Help solve this mineral mystery

A few days ago I came across a seventy-foot long outcropping of this red mineral with a shiny black surface. The shiny surface is no deeper than the thickness of a business card and the rough, rusty-looking material is rigid, but friable. It looks like a decomposed rock of some kind, but you can easily break it apart with your hands.

This outcropping was uncovered when Southern Heritage Homes in Rocky Mount, VA, decided to expand their parking lot by excavating a hillside next to their manufacturing plant. The excavation was completed without incident leaving a bank of red earth at the end of the day which looked no different than the usual clay soil of the region.

By the next morning, the face of the embankment had fallen away in spots exposing an irregular black surface with iridescent highlights, It appeared to be a glassy rock at first, but the reflective surface would disintegrate at the touch of a finger. There appear to be multiple layers of the reflective surface at different depths in the outcropping.

When I examined a large chunk of the material, it was fairly heavy like a brick, but the consistency was like Beaverboard, the insulating board that was once used in constructing walls. I thought it might be an ore of some kind, but I have no idea where to start looking for informtion on this mineral.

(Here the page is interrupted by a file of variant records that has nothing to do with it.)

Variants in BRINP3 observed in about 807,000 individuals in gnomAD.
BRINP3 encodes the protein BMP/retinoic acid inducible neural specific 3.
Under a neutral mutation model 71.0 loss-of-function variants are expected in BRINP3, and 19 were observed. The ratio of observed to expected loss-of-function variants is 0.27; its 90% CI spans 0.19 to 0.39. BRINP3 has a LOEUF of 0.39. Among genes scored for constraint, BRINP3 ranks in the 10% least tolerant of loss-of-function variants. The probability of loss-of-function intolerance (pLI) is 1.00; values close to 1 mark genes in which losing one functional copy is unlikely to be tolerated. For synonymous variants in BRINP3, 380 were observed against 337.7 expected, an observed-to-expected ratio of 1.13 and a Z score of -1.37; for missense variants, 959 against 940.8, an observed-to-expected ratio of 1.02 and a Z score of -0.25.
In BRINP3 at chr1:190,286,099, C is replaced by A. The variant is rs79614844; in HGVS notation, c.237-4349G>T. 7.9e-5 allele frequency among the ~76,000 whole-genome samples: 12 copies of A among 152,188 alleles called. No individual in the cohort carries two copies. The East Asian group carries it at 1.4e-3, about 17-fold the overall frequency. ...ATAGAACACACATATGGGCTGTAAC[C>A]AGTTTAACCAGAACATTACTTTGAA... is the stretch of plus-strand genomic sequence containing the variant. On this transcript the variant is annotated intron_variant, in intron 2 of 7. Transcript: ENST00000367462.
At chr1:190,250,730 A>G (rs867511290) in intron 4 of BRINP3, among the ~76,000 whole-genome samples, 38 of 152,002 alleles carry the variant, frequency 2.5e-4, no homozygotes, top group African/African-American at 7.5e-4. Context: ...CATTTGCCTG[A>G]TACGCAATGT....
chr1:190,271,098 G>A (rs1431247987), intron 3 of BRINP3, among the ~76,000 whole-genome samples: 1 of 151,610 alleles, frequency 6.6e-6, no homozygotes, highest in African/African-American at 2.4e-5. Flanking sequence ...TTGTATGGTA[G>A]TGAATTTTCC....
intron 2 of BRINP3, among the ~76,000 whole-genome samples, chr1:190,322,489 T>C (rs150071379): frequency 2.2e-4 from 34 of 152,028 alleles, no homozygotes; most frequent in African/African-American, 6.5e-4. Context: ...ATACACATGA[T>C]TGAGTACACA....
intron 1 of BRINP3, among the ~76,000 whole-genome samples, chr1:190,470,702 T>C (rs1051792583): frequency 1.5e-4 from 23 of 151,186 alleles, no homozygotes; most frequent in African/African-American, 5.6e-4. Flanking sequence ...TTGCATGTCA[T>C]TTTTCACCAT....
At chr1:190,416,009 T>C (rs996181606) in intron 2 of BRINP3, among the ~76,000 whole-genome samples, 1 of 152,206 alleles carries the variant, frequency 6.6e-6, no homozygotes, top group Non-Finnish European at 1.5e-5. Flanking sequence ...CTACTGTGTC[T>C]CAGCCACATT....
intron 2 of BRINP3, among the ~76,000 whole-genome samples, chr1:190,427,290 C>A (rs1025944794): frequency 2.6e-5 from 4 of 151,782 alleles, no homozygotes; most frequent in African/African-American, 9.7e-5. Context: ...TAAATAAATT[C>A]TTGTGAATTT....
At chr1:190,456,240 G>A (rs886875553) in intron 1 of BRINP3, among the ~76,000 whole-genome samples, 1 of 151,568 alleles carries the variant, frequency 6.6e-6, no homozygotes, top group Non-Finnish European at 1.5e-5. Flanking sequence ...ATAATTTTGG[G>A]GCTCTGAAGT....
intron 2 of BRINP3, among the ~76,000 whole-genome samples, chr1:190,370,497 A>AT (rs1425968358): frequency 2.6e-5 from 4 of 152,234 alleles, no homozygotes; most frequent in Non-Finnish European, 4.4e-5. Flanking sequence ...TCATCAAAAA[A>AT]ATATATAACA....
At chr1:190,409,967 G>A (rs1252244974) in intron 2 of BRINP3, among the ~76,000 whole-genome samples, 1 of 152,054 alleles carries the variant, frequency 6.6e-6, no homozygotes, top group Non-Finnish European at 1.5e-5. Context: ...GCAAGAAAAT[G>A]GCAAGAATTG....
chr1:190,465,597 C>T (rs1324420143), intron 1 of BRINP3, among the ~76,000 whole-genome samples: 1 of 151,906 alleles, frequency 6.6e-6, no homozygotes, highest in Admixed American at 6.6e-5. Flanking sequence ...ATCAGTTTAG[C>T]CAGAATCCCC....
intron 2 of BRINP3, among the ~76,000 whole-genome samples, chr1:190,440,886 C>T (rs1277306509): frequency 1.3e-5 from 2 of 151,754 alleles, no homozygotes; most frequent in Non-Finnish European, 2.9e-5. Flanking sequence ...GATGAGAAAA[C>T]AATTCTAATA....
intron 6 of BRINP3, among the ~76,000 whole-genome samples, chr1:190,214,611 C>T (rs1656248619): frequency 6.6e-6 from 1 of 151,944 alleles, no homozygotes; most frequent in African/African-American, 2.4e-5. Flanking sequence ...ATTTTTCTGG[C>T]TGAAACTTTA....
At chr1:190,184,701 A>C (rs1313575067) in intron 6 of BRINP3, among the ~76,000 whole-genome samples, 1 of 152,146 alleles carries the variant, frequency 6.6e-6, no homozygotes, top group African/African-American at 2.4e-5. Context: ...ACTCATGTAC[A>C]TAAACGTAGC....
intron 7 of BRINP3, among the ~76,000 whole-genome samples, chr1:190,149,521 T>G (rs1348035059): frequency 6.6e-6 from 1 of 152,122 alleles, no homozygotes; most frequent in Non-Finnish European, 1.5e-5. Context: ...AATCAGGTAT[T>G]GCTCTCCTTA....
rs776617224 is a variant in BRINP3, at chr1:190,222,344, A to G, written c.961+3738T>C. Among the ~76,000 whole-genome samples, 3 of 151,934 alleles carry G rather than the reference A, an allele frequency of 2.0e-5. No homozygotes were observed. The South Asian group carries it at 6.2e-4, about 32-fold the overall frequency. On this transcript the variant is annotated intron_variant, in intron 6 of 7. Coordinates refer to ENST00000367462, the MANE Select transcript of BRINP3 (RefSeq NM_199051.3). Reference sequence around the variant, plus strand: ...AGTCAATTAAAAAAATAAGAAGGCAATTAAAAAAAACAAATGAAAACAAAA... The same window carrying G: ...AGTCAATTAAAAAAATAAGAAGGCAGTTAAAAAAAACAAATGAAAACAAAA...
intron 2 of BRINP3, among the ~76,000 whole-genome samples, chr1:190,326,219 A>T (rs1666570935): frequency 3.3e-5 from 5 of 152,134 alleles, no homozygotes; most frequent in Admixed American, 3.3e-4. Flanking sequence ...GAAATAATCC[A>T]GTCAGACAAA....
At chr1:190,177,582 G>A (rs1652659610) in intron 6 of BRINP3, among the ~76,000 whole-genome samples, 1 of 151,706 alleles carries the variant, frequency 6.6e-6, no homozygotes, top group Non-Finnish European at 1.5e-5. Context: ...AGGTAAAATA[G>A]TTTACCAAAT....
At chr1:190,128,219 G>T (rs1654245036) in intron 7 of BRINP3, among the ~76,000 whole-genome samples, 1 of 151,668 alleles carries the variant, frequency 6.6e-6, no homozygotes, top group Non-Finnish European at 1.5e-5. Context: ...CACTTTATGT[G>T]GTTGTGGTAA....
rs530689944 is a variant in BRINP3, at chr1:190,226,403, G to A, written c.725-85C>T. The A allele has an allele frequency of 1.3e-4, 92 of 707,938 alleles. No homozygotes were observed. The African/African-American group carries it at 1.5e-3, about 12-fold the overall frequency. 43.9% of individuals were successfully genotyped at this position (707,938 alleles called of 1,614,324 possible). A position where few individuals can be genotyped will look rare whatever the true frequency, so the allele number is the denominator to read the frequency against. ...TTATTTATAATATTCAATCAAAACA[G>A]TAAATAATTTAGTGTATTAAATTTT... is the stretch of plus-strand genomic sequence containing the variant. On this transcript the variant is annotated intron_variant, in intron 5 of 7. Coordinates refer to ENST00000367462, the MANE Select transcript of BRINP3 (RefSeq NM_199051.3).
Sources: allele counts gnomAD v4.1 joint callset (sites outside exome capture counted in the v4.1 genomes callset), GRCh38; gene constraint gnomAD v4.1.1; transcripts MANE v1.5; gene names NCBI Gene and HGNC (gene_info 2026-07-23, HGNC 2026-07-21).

Has anyone seen anything like this? Does anyone have any idea what it might be?

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0 Responses to Help solve this mineral mystery

  1. My guess is that it is just simple shale.

    p.s. I really have been enjoying the photos 🙂

  2. Bronwyn says:

    Shiny black stuff in red, possibly iron-bearing rock? Could well be hematite ( Even if that’s not it, it probably has some iron in it somehow.

  3. RS says:

    This is a very well-designed blog, I think. I discoved it because it was on recently updated blogs on the firstpage of typepad.
    I like your presentation of yourself and why you write this blog. I like that very much.

  4. yoav says:

    are you sure this is a natural substanse?
    pls take care for it may be an industrial product.

  5. Linda says:

    Might it be mica?

  6. Courtney says:

    I came across your blog while trying to find out just what beaverboard is. I don’t usually ever comment on any blogs I do read (much less older entries), but saw the pictures and was reminded of my childhood in SC and NC digging in the dirt.

    From the pictures and description, there is no doubt in my mind that its mica. It also shows up in rocks, where it’s often not really flakey and sheet-like (although it can be), but more like small specks of glitter.

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